iOS 8 will release as a free update in the fall, likely around the same time as the release of the new iPhone. iPhone models older than the iPhone 4S and the first-generation iPad will not be able to upgrade.

Continuity between iOS and OS X devices
Continuity between iOS and OS X devices Justin Sullivan/Getty Images

Continuity between iOS and OS X devices

Apple's two new operating systems are designed to seamlessly work with each other, allowing users to switch from an iPhone to an iPad to a Mac without missing a beat.

The new Handoff feature allows many functions of iOS and Yosemite to work in unison. iPhone and iPad devices will be able to share files with Mac computers via AirDrop, a commonly-requested feature after AirDrop debuted on iOS last year. Users can also shift work between devices, allowing a person to start an email or a document on one device and finish it on another. The functionality will work between default apps on OS X and iOS devices such as Mail, Calendar, Maps and Safari at launch, and third-party developers will be able to add Handoff support for their apps.

Apple's new Handoff feature also works with texts and voice calls. Mac users can pair their iPhones with a desktop or laptop computer running on OS X Yosemite to send and receive blue iMessages and green SMS texts as well as phone calls from their computers.

The new continuity features show an overall approach towards having Apple products work more closely with each other, giving greater incentive for iPhone users to invest in Macs and vice versa.

HomeKit Justin Sullivan/Getty Images


Apple's rumored push towards allowing iOS devices to control home devices like lighting, garage doors and other appliances came in the form of HomeKit, a tool for developers to program those interactions.

While yesterday's presentation didn't include proprietary Apple devices to control appliances or a built-in app for home control, the announced development kit allows manufacturers of existing home control services to program their devices to work with iOS 8. Developers can also use HomeKit to allow control of smart home devices with voice commands via Siri.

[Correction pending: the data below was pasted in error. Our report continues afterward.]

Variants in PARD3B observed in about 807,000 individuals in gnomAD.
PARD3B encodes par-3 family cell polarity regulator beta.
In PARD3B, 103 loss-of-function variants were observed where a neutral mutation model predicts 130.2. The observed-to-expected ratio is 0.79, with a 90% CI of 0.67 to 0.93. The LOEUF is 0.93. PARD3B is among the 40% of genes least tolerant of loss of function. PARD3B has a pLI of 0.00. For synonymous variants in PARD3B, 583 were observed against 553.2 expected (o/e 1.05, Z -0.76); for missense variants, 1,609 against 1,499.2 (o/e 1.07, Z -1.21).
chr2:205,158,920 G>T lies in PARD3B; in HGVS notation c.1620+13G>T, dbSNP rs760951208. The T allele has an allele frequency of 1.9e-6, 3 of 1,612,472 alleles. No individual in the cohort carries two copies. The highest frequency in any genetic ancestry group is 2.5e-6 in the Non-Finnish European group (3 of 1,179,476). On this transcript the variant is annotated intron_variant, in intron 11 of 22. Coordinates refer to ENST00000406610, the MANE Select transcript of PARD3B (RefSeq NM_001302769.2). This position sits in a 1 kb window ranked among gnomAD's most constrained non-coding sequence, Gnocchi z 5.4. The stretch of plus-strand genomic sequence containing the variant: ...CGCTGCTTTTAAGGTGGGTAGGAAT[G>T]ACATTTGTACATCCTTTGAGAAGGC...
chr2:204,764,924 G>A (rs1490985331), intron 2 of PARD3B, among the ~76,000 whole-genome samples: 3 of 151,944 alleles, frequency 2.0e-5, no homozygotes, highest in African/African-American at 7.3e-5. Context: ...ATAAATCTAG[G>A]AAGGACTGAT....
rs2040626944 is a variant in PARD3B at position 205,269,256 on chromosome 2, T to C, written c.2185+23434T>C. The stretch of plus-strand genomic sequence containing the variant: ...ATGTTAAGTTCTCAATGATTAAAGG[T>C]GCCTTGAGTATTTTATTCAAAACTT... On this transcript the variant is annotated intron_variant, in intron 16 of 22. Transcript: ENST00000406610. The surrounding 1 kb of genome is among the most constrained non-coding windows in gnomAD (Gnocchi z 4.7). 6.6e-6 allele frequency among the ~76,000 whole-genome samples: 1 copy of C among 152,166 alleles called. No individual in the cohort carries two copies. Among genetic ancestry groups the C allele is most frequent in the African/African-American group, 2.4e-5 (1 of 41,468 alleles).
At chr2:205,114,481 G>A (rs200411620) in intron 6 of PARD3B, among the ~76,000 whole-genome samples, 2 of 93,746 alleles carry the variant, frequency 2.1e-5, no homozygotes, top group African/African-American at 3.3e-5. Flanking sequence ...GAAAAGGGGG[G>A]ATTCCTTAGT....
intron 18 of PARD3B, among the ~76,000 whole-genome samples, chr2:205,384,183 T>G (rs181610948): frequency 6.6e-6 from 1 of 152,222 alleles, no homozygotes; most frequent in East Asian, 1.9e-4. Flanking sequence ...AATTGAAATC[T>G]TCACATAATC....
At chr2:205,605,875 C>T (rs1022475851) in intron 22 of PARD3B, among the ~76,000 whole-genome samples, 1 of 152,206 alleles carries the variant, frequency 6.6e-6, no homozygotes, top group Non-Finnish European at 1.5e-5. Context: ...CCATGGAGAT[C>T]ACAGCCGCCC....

It's possible HomeKit is a first step of Apple's venture into smart home devices, and HomeKit could have even more potential on the new iPhone if the rumored Near Field Communication technology is included. A new iPhone with NFC using HomeKit could open garage doors or turn on lights by being in close proximity with those devices.

Current smart home device manufacturers can develop for HomeKit starting now, and users can take advantage of the new features as part of the iOS 8 upgrade this fall.

HealthKit Justin Sullivan/Getty Images


In addition to smart home developer kits, iOS 8 also features the ability for developers to program health-based apps to function with a new Health app via HealthKit.

iOS 8 users will have the Health app by default, which contains a collected database of different health metrics from different apps. While multiple programs exist to track blood pressure, steps, weight and other health information, HealthKit allows those programs to share that information with the Health app, giving users a single, centralized program to track their health stats.

While popular health metric tracking programs like Nike, Fitbit and Wahoo began programming their apps to work with HealthKit, the new functionality also provides the ability to export relevant health information to medical experts. Apple is already working with the Mayo Clinic to develop services to track HealthKit metrics, which could allow quick health information for doctors as well as tracking and notifying users if a metric falls outside normal health parameters.